Special Interest Groups[edit]

Throughout its existence, the Society has included many special interest groups focussing on particular elements of the cartographic spectrum. As of 2021, the following are active:

  • Historical Military Mapping Group (HMMG):
  • Map Curators' Group (MCG)


One of the aims of the Society is to encourage better mapping by providing prizes and awards to individuals or companies who have shown excellence in this field. The annual BCS awards includes categories such as:

  • The Stanfords Award for printed mapping
  • The Avenza Award for electronic mapping
  • The John C. Bartholomew Award for thematic mapping
  • The Ordnance Survey Award for excellence in the application of Ordnance Survey data
  • The BCS Award for the best overall entry as judged from the above four categories
  • The Henry Johns Award for the best paper published in The Cartographic Journal
  • The Ian Mumford Award for excellence in cartographic research undertaken by a student

Additionally, from time to time the Society awards its Medal for a distinguished contribution to cartography.

Previously, the Esri UK New Mapmaker Award (formerly the National Geographic Award) was awarded, for excellence in scholarship or cartographic work, to those starting out in cartographic or associated industries.

New Mapmaker Award Winners:

  • 2001: Laura Stewart, University of Edinburgh Can Geographical Information Systems be used to Propose Areas for Storage of Floodwater?
  • 2002: Edward Merritt, Oxford Brookes University An Assessment of the Effectiveness of Paraline Diagrams for Mapping the Urban Environment
  • 2003: Esme Farewell, Oxford Brookes University Cambridge for Children
  • 2004: Donna Watkin, Oxford Brookes University Modern cartographic methods as a key to understanding land use in Drayton St Leonards: 1793–2003
  • 2005: Shannon Brassard, Centre of Geographic Sciences, Nova Scotia Community College, CanadaPrince Albert: Celebrating 100 Years
  • 2006: Paul A Light, COGS, Canada National Parks & Historic Sites of Western Newfoundland and Labrador
  • 2007: Alexander Kent, Canterbury Christ Church University An Analysis of the Cartographic Language of European State Topographic Maps: Aesthetics, Style, and Identity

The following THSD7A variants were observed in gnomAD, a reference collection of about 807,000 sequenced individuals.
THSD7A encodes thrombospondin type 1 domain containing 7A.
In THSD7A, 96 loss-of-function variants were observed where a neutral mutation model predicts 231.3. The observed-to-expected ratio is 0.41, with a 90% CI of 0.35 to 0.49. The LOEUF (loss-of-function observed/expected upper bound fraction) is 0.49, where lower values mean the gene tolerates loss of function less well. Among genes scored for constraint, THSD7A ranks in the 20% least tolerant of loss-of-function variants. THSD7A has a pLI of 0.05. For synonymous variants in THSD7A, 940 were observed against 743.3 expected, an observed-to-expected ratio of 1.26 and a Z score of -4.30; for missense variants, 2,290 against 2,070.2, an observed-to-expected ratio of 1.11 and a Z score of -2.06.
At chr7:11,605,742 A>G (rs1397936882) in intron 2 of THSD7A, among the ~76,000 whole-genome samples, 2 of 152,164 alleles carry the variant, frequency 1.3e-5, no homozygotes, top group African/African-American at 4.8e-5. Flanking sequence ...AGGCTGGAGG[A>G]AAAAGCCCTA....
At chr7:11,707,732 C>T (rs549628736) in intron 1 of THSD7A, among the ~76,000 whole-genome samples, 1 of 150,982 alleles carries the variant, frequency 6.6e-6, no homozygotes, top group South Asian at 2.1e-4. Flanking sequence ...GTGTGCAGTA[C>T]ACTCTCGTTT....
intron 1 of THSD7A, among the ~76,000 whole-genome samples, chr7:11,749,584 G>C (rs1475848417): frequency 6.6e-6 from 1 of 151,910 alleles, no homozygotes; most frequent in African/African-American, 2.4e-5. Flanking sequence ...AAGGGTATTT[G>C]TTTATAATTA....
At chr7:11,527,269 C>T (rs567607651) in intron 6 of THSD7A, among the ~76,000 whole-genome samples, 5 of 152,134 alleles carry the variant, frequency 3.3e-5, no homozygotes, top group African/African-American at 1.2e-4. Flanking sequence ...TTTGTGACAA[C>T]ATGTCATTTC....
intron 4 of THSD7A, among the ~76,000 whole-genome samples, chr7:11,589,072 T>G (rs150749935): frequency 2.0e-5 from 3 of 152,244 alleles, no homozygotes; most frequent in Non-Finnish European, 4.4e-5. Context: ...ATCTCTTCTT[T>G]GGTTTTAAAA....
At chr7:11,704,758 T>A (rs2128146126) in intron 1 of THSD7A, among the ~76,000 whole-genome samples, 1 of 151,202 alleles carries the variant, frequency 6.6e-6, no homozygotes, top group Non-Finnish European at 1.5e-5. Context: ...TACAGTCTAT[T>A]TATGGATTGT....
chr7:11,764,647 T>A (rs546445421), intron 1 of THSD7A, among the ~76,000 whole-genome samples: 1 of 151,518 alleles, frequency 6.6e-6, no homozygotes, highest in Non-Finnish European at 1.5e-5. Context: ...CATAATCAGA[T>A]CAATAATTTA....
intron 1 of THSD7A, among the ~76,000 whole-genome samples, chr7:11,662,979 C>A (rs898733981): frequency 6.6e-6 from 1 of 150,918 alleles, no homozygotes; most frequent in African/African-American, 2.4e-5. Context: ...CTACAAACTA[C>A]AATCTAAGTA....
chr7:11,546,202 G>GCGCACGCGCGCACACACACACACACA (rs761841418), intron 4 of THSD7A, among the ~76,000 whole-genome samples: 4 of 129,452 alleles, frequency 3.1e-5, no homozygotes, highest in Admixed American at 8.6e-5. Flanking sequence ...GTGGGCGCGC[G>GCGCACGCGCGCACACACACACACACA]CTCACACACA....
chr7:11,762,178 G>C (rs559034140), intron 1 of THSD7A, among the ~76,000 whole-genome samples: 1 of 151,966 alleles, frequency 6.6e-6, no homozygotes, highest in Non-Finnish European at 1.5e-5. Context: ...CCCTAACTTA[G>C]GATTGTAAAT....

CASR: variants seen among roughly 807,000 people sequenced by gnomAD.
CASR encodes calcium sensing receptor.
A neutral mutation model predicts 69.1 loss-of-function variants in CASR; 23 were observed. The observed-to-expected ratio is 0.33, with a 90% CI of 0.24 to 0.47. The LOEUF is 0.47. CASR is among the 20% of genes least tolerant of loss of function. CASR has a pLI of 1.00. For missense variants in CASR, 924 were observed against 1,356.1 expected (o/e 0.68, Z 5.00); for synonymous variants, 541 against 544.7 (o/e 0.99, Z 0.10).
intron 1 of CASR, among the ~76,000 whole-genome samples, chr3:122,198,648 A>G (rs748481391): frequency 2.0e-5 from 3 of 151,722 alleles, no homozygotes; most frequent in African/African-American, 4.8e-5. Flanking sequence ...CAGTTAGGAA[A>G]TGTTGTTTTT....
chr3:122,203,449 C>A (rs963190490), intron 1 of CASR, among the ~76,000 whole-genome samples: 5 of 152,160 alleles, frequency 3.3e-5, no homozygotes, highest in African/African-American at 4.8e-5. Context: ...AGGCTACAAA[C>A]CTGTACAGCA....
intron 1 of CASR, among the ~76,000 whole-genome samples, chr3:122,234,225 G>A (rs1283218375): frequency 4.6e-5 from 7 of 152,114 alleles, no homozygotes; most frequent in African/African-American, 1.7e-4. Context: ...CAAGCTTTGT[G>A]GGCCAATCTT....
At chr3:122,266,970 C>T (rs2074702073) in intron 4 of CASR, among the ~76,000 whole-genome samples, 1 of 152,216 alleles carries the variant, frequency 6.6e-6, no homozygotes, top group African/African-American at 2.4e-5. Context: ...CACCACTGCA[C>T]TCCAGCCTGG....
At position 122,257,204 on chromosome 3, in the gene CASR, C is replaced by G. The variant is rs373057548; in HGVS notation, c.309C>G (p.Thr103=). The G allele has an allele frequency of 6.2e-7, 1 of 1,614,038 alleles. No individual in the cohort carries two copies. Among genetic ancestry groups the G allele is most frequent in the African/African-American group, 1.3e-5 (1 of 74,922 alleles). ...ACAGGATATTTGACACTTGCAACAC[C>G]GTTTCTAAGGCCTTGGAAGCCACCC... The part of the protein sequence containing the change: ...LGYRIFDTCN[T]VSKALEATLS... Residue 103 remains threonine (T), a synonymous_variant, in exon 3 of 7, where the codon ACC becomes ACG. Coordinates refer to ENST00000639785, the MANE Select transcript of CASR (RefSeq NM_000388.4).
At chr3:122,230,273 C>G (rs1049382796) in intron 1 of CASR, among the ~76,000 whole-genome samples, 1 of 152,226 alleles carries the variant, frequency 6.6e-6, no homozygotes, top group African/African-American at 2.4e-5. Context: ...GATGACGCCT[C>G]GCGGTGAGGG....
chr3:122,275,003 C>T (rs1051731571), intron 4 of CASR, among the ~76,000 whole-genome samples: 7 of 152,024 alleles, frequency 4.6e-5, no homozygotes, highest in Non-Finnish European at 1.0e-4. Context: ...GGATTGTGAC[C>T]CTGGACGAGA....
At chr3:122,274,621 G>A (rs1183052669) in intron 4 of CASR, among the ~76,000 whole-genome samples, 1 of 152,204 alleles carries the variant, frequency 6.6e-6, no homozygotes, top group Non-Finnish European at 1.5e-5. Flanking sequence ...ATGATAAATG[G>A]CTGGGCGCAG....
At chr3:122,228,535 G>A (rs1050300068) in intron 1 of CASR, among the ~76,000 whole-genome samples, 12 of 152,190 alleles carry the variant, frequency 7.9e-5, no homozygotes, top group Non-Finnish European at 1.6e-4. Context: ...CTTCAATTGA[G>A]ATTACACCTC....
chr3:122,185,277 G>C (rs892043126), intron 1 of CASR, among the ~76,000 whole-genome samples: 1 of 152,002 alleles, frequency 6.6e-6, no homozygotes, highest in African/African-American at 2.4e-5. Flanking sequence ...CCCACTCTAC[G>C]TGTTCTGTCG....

• 2008: Wesley Jones, NSCC Centre of Geographic Sciences, Canada Dry Belt, Settlement and Abandonment of Southeast Alberta and Southwest Saskatchewan, 1908 to 1926
  • 2009: Christoph Hoesli, Institute of Geography at the University of Bern, Switzerland Southern Sudan Topographic Base Map Series: Map Sheet E – Eastern Equatorial[5]
  • 2010: Michael Graves, Kingston University Road to the World Cup South Africa 2010[6]
  • 2011: Mike Wilburn, University of Oregon, USA Mount Rainier: A Climber's Paradise[7]


In order to further its aims, the Society publishes books and periodicals:

  • Cartography – an introduction (a practical guide to making better maps)
  • A Celebration of 50 years of the British Cartographic Society (published by the Society to mark its 50th anniversary in 2013)
  • The Cartographic Journal – the official peer-reviewed periodical of the Society and one of the most widely respected journals in this field
  • Maplines – the Society's popular magazine, free to all members, and containing news, views and short articles about maps and mapmaking
  • Cartographiti – the newsletter of the Map Curators' Group


The Society makes several online directories available, allowing both Corporate Members and freelance cartographers to publicise their work. These include:

  • Map Curators Toolbox – an online resource supported by the Map Curators' Group
  • Directory of UK Map Collections – an online resource detailing major map collections in the UK

See also[edit]


  1. ^ "Register Home Page". Archived from the original on 4 August 2012. Retrieved 4 April 2011.
  2. ^ "British Cartographic Society, registered charity no. 240034". Charity Commission for England and Wales.
  3. ^ "Affiliated Organizations". Archived from the original on 20 May 2008. Retrieved 4 August 2008.
  4. ^ "Cartographer" (PDF). Archived from the original (PDF) on 23 November 2003. Retrieved 4 August 2008.
  5. ^ Clare Seldon (17 November 2015). "The British Cartographic Society > The NGS New Mapmaker Award 2009". Retrieved 18 February 2016.
  6. ^ Clare Seldon (17 November 2015). "The British Cartographic Society > The NGS New Mapmaker Award 2010". Retrieved 18 February 2016.
  7. ^ Clare Seldon (17 November 2015). "The British Cartographic Society > The NGS New Mapmaker Award 2011". Retrieved 18 February 2016.

External links[edit]